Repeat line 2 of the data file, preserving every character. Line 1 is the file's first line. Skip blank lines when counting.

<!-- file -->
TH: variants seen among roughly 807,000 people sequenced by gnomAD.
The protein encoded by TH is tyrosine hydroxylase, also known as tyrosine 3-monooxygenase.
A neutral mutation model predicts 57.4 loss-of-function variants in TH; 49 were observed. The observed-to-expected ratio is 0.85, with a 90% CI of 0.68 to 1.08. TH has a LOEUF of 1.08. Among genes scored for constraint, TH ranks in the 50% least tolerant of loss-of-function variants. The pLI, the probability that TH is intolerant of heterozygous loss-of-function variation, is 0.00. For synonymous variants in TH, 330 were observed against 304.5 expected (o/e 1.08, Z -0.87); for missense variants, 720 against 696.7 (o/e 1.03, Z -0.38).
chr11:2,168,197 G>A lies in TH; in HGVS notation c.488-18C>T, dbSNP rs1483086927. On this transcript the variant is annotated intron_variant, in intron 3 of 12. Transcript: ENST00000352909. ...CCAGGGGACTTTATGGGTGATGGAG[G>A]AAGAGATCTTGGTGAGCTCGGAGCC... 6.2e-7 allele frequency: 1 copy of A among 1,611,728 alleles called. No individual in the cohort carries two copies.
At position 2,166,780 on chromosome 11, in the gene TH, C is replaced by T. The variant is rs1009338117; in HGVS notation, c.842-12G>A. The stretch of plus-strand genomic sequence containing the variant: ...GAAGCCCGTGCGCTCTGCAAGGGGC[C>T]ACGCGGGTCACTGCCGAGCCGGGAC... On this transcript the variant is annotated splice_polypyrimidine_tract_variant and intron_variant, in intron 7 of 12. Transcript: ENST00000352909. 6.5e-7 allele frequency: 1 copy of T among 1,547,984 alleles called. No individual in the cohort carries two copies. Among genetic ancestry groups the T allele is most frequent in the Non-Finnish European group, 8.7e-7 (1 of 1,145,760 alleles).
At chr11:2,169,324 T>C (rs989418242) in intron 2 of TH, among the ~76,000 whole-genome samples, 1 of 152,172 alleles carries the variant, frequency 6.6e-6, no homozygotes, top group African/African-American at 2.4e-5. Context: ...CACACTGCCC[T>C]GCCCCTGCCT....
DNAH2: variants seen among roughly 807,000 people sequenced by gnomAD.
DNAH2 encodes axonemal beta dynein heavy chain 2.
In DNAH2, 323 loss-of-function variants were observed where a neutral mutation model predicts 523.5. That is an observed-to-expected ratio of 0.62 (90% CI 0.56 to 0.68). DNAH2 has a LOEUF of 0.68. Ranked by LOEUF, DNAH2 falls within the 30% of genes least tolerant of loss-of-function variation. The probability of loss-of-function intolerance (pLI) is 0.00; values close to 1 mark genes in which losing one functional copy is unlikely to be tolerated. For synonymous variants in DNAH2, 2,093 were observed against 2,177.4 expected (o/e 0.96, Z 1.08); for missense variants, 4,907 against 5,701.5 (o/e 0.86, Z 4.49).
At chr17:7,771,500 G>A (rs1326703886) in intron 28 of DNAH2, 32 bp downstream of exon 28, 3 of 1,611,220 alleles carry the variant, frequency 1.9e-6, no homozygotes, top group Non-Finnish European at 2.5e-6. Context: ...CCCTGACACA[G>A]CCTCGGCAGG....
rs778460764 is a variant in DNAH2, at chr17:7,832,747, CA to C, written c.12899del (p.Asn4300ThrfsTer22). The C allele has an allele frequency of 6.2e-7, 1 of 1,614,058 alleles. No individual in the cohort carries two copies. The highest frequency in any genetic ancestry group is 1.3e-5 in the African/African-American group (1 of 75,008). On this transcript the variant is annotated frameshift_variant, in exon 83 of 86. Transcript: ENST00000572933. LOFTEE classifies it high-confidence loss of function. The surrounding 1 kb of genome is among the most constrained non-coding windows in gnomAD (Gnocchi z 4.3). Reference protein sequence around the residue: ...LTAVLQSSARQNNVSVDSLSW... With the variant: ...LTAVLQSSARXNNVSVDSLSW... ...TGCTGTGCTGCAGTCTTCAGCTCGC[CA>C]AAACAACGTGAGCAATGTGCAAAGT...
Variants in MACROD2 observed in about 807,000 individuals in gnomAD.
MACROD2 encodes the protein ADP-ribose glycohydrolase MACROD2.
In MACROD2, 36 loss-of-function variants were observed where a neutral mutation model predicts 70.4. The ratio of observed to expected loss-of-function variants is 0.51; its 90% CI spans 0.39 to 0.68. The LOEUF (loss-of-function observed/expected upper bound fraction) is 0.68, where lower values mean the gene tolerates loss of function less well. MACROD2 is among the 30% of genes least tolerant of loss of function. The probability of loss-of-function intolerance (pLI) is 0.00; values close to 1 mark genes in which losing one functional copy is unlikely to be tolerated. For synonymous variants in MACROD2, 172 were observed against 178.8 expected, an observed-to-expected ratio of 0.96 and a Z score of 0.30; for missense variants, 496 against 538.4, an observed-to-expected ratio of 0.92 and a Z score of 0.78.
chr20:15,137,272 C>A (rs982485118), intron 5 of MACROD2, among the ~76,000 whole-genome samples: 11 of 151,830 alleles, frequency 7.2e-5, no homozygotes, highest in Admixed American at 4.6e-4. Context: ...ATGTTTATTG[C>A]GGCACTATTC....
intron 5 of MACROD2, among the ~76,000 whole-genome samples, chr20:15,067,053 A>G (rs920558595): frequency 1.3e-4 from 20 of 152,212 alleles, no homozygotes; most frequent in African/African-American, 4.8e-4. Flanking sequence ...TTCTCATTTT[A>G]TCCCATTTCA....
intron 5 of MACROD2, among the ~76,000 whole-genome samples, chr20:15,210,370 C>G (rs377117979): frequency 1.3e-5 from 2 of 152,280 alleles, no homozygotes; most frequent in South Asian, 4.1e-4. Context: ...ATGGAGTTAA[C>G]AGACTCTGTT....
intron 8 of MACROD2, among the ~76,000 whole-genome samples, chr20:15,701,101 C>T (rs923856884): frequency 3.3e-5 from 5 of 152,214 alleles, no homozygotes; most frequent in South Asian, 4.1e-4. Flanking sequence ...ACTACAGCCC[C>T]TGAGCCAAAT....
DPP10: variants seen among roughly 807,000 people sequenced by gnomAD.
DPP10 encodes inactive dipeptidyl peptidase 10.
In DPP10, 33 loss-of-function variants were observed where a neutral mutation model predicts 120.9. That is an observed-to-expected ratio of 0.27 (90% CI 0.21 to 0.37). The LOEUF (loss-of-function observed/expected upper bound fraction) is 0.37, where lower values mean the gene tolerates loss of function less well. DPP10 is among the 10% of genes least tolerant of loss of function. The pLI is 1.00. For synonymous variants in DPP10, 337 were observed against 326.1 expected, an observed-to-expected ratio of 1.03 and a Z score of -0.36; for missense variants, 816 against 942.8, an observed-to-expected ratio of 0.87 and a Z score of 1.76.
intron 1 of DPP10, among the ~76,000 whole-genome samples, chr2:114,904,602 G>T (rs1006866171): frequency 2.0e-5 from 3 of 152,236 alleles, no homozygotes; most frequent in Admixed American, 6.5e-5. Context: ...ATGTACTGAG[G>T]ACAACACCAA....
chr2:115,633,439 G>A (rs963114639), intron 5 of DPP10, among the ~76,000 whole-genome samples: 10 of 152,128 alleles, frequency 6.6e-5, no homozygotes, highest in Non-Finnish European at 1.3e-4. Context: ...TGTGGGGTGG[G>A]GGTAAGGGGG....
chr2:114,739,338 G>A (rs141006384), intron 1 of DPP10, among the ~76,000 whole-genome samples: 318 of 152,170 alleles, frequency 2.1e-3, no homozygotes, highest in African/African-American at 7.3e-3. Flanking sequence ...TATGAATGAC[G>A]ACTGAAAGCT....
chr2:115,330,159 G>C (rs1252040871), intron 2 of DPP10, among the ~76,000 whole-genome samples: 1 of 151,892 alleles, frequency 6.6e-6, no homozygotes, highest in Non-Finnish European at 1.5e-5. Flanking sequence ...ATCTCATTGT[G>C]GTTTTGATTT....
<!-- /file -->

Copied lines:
The protein encoded by TH is tyrosine hydroxylase, also known as tyrosine 3-monooxygenase.